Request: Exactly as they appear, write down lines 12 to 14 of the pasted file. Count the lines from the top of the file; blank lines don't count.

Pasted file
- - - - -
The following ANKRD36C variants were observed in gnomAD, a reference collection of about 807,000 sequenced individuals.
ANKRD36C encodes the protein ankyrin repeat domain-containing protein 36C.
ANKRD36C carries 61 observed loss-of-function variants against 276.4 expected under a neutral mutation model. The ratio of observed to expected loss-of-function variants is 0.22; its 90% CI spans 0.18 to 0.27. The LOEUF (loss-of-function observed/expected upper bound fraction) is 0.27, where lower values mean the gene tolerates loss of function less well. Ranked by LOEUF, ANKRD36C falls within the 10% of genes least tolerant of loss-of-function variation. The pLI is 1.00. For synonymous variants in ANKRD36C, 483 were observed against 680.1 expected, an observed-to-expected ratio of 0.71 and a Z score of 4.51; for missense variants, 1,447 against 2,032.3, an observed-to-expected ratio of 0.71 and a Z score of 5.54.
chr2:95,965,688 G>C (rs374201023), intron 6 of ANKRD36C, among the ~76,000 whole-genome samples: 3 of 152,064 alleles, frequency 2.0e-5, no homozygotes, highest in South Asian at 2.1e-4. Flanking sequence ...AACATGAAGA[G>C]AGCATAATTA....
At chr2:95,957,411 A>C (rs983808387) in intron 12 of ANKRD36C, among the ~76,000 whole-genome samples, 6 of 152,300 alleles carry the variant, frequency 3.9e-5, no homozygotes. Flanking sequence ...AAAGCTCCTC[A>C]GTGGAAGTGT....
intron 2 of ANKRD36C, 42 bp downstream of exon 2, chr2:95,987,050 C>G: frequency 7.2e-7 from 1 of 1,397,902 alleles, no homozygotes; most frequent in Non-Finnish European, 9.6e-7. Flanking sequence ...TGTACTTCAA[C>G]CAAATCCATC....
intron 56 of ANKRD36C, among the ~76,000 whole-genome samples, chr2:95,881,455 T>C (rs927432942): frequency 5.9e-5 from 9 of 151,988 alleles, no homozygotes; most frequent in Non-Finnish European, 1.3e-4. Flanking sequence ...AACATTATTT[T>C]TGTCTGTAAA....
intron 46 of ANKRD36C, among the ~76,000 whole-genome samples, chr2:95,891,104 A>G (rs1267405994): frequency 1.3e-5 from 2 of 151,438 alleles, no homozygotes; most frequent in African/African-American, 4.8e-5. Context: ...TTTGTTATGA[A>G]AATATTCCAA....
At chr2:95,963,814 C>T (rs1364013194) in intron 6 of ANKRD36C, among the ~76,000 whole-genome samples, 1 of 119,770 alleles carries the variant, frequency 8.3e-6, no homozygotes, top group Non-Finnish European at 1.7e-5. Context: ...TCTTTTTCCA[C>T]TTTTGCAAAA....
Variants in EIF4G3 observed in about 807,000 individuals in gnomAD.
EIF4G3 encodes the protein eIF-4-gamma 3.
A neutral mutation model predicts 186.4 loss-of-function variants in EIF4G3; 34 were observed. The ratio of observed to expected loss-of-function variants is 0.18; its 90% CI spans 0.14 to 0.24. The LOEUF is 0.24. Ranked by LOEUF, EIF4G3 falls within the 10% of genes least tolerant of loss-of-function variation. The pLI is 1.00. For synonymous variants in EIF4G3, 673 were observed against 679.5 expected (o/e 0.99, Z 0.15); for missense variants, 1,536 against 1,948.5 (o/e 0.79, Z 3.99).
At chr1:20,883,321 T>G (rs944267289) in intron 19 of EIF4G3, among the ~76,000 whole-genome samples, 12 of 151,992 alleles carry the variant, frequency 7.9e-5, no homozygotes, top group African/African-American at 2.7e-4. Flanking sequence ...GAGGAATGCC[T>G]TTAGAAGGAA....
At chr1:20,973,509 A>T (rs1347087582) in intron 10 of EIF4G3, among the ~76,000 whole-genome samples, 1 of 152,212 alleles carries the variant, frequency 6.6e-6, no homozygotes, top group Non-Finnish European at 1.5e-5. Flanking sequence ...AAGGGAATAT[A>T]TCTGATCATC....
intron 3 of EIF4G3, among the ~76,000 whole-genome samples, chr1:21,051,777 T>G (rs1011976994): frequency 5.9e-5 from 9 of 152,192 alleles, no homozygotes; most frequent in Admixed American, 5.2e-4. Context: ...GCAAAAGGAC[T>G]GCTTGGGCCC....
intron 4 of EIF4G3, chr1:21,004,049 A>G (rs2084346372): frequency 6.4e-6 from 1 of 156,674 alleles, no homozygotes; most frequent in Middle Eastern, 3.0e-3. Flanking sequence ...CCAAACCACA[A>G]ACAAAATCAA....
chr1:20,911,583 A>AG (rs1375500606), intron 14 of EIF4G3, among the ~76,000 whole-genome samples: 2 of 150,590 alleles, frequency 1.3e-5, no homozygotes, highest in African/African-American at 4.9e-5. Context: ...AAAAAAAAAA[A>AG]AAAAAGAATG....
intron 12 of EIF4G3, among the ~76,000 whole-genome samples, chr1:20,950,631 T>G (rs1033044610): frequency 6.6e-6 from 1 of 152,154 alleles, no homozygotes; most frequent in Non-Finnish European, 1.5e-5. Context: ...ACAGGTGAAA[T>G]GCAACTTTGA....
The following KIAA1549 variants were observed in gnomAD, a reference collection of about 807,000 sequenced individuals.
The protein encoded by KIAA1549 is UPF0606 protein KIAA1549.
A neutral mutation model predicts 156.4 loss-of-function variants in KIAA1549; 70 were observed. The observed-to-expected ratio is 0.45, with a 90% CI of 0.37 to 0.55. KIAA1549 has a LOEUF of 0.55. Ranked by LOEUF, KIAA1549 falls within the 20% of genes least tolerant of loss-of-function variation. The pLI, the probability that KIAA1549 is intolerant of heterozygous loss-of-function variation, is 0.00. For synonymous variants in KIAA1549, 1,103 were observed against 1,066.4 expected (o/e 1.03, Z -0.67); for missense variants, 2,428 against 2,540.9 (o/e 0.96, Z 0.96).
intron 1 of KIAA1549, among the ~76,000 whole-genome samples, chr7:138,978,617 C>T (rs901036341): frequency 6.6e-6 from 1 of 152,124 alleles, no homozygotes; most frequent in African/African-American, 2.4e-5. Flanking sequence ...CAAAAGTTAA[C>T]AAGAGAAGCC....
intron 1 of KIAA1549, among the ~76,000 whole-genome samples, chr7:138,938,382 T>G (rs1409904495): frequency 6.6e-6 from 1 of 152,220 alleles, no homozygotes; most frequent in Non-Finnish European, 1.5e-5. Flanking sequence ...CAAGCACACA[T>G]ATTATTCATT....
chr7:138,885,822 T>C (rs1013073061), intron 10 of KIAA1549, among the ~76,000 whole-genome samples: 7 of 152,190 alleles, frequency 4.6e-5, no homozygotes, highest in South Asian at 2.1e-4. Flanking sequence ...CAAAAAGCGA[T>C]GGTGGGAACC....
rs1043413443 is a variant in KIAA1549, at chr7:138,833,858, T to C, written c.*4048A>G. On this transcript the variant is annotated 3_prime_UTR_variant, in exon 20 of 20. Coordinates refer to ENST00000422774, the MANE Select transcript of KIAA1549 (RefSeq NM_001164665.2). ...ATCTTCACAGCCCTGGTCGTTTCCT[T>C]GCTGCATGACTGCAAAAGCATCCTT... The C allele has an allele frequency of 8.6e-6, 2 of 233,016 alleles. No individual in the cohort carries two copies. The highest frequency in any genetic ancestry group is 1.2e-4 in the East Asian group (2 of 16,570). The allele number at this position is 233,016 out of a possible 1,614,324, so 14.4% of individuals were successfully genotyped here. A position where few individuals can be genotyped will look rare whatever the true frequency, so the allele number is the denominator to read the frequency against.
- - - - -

A neutral mutation model predicts 186.4 loss-of-function variants in EIF4G3; 34 were observed. The ratio of observed to expected loss-of-function variants is 0.18; its 90% CI spans 0.14 to 0.24. The LOEUF is 0.24. Ranked by LOEUF, EIF4G3 falls within the 10% of genes least tolerant of loss-of-function variation. The pLI is 1.00. For synonymous variants in EIF4G3, 673 were observed against 679.5 expected (o/e 0.99, Z 0.15); for missense variants, 1,536 against 1,948.5 (o/e 0.79, Z 3.99).
At chr1:20,883,321 T>G (rs944267289) in intron 19 of EIF4G3, among the ~76,000 whole-genome samples, 12 of 151,992 alleles carry the variant, frequency 7.9e-5, no homozygotes, top group African/African-American at 2.7e-4. Flanking sequence ...GAGGAATGCC[T>G]TTAGAAGGAA....
At chr1:20,973,509 A>T (rs1347087582) in intron 10 of EIF4G3, among the ~76,000 whole-genome samples, 1 of 152,212 alleles carries the variant, frequency 6.6e-6, no homozygotes, top group Non-Finnish European at 1.5e-5. Flanking sequence ...AAGGGAATAT[A>T]TCTGATCATC....